Attorney General opinion favors Ricks budget over Livingston Council budget

Parish Council failed to follow charter

“I think we’ve covered our flanks as far as from an auditing standpoint. We’ve got an AG opinion now telling us that we don’t have to follow the state budget act, so while I disagree with that, at least we’ve got something to point to if the auditors say we should’ve followed it.” Ricky Goff, council chairman

The state Attorney General’s Office has weighed in, and the Livingston Parish Council’s adopted budget for 2014 is out.

According to an opinion issued late Thursday, Parish President Layton Ricks’ proposed budget will govern parish spending for 2014 because the council failed to follow the parish’s Home Rule Charter in adopting its budget.

Ricks and the council have been at odds over this year’s spending plan since December, when the council adopted a slashed version of the budget Ricks proposed in September.

Ricks declared the council’s budget illegal, vetoed it in its entirety and said he would proceed instead under his own proposed budget.

The council overrode that veto in January, but Ricks refused to recognize the override as legitimate.

District Attorney Scott Perrilloux, who had written a seven-page legal opinion in support of Ricks’ veto, sought an attorney general’s opinion on Ricks’ behalf in February to settle the matter.

The AG opinion, faxed to parish legal adviser Christopher Moody at 4:13 p.m. Thursday and emailed to parish officials shortly thereafter, says the Parish Council failed to deliver its budget adoption ordinance to the parish president within three days of its Dec. 5 adoption, as required under the parish’s charter.

That missed deadline rendered the ordinance, and the budget it embodied, invalid, Assistant Attorney General Michael J. Vallan says in the opinion.

Under the parish charter, if the council fails to adopt a budget by the end of the year, the parish president’s proposed budget is considered adopted.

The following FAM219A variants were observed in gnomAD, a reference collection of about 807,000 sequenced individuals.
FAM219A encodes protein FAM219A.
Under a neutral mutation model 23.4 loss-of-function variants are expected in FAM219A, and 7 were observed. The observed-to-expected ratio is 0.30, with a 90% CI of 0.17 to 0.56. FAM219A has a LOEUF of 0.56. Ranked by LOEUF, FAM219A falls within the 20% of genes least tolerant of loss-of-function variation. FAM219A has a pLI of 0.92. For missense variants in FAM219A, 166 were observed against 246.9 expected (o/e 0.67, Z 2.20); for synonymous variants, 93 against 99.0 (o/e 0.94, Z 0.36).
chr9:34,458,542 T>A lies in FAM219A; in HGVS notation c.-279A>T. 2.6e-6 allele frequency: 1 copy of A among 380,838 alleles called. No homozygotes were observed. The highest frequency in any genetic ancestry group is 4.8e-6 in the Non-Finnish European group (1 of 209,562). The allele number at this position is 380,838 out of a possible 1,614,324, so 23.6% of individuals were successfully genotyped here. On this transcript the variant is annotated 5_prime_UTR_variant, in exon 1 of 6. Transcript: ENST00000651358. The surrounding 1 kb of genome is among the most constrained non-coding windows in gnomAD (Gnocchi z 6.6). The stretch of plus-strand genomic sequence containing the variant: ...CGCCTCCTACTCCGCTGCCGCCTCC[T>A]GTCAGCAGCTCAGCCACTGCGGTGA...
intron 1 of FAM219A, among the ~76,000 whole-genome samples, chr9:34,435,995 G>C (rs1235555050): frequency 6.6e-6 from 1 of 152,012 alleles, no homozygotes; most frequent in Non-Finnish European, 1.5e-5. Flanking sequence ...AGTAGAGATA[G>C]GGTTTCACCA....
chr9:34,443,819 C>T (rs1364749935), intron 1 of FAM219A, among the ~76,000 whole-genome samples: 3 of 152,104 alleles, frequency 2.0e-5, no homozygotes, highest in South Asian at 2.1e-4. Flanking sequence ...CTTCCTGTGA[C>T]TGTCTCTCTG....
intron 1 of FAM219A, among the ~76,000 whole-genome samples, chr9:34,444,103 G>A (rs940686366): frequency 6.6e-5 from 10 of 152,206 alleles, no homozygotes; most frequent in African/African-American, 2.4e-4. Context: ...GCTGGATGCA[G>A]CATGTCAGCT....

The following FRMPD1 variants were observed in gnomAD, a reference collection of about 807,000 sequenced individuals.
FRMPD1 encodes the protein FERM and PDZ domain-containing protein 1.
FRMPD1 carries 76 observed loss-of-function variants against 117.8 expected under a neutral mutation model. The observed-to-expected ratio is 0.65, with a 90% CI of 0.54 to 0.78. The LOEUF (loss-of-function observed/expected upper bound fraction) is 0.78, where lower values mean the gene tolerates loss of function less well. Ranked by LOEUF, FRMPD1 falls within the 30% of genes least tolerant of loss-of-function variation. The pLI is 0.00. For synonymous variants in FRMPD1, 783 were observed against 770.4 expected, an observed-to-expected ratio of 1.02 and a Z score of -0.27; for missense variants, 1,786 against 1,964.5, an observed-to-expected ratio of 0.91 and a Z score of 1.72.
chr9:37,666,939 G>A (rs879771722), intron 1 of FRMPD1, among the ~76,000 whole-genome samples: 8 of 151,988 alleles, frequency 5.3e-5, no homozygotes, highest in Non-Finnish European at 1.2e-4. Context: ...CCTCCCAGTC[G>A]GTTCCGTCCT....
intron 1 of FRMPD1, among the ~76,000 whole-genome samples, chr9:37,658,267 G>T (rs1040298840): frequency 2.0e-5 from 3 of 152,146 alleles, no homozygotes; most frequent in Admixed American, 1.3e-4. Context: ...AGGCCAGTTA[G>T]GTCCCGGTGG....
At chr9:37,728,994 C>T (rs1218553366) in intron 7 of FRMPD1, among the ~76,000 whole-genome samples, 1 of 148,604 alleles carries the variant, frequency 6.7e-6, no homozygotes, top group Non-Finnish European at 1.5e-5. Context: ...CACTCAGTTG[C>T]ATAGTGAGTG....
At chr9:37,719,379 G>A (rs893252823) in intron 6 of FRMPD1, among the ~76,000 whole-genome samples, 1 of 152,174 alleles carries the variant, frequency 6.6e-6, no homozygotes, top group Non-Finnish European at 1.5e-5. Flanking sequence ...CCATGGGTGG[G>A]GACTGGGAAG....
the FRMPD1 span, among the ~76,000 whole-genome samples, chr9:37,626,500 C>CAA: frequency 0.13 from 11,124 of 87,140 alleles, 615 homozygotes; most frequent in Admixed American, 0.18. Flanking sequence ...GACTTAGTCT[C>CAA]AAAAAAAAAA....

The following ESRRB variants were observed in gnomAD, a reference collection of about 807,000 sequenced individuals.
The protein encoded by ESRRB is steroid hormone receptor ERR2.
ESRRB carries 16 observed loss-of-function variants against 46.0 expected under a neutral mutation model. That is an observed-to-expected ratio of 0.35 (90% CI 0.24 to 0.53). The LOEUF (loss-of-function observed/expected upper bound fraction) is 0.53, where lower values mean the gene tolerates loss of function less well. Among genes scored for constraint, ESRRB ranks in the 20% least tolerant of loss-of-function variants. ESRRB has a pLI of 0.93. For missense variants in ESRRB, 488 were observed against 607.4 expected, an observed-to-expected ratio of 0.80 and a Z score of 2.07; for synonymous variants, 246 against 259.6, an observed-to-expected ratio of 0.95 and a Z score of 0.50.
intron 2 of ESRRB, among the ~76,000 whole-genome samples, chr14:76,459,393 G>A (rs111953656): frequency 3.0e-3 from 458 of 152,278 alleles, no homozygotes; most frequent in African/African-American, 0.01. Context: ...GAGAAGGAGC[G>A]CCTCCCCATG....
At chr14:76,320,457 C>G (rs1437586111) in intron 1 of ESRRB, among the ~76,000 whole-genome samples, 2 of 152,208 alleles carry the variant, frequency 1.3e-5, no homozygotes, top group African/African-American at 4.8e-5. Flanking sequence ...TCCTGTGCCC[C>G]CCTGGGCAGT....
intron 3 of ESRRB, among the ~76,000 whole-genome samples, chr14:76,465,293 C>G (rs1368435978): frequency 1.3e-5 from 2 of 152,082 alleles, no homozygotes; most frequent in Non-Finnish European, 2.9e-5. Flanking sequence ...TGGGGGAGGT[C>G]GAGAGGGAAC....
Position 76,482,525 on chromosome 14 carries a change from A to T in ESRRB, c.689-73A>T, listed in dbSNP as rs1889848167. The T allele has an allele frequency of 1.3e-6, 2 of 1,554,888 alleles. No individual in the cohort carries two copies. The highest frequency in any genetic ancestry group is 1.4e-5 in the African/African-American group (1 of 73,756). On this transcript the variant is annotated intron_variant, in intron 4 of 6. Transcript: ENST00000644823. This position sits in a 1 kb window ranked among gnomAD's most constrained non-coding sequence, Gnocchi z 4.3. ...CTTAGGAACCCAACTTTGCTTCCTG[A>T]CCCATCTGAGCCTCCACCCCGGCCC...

Because that charter provision does not conflict with state law or the minimum standards set by the Louisiana Local Government Budget Act, the charter controls which budget will prevail, Vallan wrote.

The opinion does not address other potential legal problems Perrilloux cited with the council’s adopted budget, such as the omission of funds for roadwork, legal fees and ongoing projects, as well as numerous last-minute, line-item changes that were not fully explained to the public prior to adoption.

Ricks said Friday he was “tickled to death about the AG opinion, but in reality, all it means is that we just keep working and moving forward.

“We’ve said since the beginning that we had a good annual budget,” Ricks said, noting that Moody, Perrilloux and Finance Director Jennifer Meyers were all in agreement.

“My hope is certainly that this is over now and we can put it to rest,” Ricks said. “I guess we’ll know after my meeting with Ricky (Goff) next week.”

Goff, the council chairman, said Friday that although he disagrees with the attorney general’s opinion, he doesn’t know if it would be worth the parish’s time and money to go to court over it.

“I think we’ve covered our flanks as far as from an auditing standpoint,” Goff said. “We’ve got an AG opinion now telling us that we don’t have to follow the state budget act, so while I disagree with that, at least we’ve got something to point to if the auditors say we should’ve followed it.”

Goff said he continues to believe that if the council failed to validly adopt a budget, the Louisiana Local Government Budget Act requires the parish government to operate on 50 percent of its 2013 budget until a new 2014 budget can be approved.

Goff again pushed for a compromise budget during the council Finance Committee’s 5:45 p.m. meeting Thursday, telling fellow council members that the Attorney General’s Office wanted parish officials to work things out amongst themselves, “instead of them having to give an opinion.”

Records show that Goff — along with Ricks, Perrilloux and Council Clerk Lisa Frederick — had received an emailed copy of the attorney general’s opinion from Moody an hour and a half earlier, at 4:20 p.m., but Goff said Friday he did not see the email until after the meeting ended.

“We still need to sit down and agree to amend the budget in a couple places,” Goff said Friday, referring specifically to line items dealing with attorney fees, the parish’s road overlay program and animal control operating expenses.

Ricks said he is willing to sit down and talk with Goff but the parish already has a valid annual budget.